|Valve Steam Deck
Price: $399 – $649 (New)
Find it on: Steam Deck, GameStop
A couple of caveats before I get into my full review of the Steam Deck.
The first is that I am not a first generation user of this handheld. The Steam Deck was first released in the United States in February 2022 to much fanfare, but also contained a number of glitches on the software side that needed to be worked out over the next several months. If I was in that initial wave of customers, that may have affected how I reviewed it. But alas, I was not. I didn’t pick up mine until October 2023, a year and a half after the Steam Deck was initially released, and by then, all of those issues had been resolved and I had a relatively smooth onboarding process with my handheld. The Steam Deck support community is as large as it is passionate, and if you have a problem with the Deck, a quick search through Reddit or Discord should resolve your problems quickly.
The second is that I got my Steam Deck on the second-hand market. GameStop sells a limited number of refurbished Steam Decks at a significant discount off the sticker price. A new 64GB Steam Deck coming directly from Valve retails for $399, whereas I got mine used off GameStop for $309, thereby greatly bumping up my performance to price point. It’s worth noting that my refurbished unit felt new without dents or scratches, and I’ve had zero issues with it. Once the OLED version was announced in November 2023, the price of a used Steam Deck has gone down even further, and GameStop has been selling it for $278.99 when it has stock.
It is with this lens that I review my SteamDeck, and it is by far my favorite gaming handheld that I’ve ever used.
For those of you who have been following along with this blog, my previous flagship retro handheld device was the Odin Lite, which played a large amount of the sixth generation (GameCube/PlayStation 2) games that I wanted to go relive. And it was an even better Wii (7th Gen) emulation device as compared to PlayStation 2. While there have been many more Android handhelds released since then with significantly more powerful chipsets (including the Odin 2), Android devices are mostly confined to sixth generation games since the software support has not materialized for other systems. I knew my next handheld would need to be able to emulate Xbox, PlayStation 3 and WiiU games, but also not break the bank. To be sure, there are non-Android handhelds that play in this space, but for a PC/Linux device, most of these handhelds are running at least $700 to get decent 7th/8th generation emulation. But that is not the case with the Steam Deck. Even if I paid the full $399 for the device, it would still beat the price points of the AYANEO lineup and ASUS ROG Ally by a significant amount. You can spend more money to get a larger solid state drive, but why spend that amount when a $30 SD card can provide the same expansion?
As I mentioned before, I am a late-comer to the Steam Deck, and setup was relatively simple. The standard for retro gaming is EmuDeck on this device, and it was just a point and click set up process, which took care of the button mapping, emulators and folder set up. While it isn’t a straight up plug-and-play when it comes to getting up and running on your emulators, it comes pretty darn close. You’ll still need to, ahem, ‘find’ a few files to get everything fully functional, but if you have a little technical know-how to tinker, this shouldn’t be too much of an issue.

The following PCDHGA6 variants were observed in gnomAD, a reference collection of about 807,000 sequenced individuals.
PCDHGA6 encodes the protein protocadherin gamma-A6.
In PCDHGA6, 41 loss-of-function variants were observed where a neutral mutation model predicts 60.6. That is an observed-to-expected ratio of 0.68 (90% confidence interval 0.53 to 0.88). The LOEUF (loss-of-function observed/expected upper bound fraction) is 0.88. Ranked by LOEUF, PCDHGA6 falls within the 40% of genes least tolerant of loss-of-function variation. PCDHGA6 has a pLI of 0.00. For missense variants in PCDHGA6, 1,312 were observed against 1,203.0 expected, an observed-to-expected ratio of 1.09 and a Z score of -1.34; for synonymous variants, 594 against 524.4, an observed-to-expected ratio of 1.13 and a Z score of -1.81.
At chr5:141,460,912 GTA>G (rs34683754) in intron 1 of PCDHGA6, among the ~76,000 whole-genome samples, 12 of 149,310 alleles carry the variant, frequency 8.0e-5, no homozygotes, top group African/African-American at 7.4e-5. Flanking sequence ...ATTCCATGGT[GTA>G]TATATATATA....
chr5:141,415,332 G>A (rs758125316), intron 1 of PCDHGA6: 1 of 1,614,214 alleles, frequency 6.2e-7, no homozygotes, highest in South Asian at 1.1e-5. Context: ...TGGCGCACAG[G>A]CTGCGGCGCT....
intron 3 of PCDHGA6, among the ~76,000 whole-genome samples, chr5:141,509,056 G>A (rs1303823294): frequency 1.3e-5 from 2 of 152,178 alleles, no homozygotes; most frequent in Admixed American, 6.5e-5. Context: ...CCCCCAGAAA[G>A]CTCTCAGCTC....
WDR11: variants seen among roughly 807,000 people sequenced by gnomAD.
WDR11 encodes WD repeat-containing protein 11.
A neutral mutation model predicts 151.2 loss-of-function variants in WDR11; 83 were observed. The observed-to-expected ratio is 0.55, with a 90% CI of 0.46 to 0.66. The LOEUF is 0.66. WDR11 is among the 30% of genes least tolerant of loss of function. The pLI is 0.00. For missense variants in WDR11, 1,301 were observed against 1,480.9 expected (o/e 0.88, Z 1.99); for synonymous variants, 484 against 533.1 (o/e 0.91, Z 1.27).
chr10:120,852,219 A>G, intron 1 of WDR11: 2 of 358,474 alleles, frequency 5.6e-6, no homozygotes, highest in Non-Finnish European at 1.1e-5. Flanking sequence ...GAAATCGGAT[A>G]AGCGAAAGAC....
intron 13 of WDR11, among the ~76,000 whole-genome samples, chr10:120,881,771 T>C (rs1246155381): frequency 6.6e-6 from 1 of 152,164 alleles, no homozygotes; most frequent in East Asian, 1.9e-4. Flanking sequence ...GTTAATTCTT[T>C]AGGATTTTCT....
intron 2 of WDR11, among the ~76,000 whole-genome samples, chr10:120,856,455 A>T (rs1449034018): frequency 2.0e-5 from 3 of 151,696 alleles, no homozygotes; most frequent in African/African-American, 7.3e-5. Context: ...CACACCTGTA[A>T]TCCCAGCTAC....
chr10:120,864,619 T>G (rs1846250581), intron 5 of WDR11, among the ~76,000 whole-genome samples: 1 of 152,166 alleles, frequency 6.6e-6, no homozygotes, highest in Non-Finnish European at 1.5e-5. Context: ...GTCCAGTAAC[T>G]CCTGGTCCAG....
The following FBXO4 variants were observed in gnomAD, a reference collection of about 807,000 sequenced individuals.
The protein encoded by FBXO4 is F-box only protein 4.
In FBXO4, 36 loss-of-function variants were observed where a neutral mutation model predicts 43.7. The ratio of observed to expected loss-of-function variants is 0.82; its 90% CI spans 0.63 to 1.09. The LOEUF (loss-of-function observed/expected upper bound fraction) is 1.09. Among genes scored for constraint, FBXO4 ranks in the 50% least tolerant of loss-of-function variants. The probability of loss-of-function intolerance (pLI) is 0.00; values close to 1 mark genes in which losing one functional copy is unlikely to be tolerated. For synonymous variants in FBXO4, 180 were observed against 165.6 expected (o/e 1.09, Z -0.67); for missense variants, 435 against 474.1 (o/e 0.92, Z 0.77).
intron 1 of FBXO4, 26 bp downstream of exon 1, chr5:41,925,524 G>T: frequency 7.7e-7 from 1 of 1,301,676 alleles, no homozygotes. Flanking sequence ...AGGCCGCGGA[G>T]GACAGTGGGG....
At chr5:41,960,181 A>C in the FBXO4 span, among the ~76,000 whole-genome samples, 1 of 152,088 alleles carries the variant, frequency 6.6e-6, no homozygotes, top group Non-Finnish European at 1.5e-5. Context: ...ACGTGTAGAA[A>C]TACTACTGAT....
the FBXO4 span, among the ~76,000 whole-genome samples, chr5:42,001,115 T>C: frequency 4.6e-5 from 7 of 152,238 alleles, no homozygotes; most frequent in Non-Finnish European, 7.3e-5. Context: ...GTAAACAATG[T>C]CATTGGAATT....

As expected, when I finished setup and loaded all of my games, I was happy with the results. My PlayStation 2 games that weren’t playable on the Odin (Hot Shots Golf 3, for instance), played perfectly. As did my Wii U library and Xbox. PlayStation 3 was a bit hit or miss, but I was able to get certain games running, like Goldeneye 007 Reloaded. The one frustrating system was Wii because of the controller issues with flipping between Classic, Nunchuck and Sideways. It involves you exiting into the back end, opening the emulator, and making the adjustment, and then re-entering gaming mode and relaunching the Dolphin emulator to see if the changes worked. It is not technically difficult, but it is time consuming compared to the Android counterpart.
The Steam Deck is not a pocketable handheld. All told, it is 11.7 in × 4.6 in × 1.9 in, and weighs about a pound and a half. This isn’t a device you can casually throw in your pocket as you are headed out for the day. This is something you would make a concerted decision to take with you and transport in a bag. Since I got the device, it hasn’t left the house, and is mostly shuttled back and forth between the living room, bedroom and home office as a pick-up-and-play device. I don’t play with it for more than an hour at a time maximum, which is good, because the one time I tried playing for 90+ minutes, I got an alert that my power had dropped to under 10%. That has been a common complaint of the Steam Deck, and I echo that sentiment. Still, that is the tradeoff for powering such a large device. I should also mention that for a large device, it has great ergonomics. It feels great in the hands and the 7-inch touchscreen LCD display (1280×800 pixel resolution and 60 Hz refresh rate) is a joy to interact with.
In my review of the Odin Lite, I felt like I had found “the one,” and for a long time I did feel like that. But that title has been quickly transferred over to the Steam Deck. With its ability to power 8th Gen games, its large screen and fantastic community support, this is a must have if you can spare the $300 for a used device, or $399 for a new one.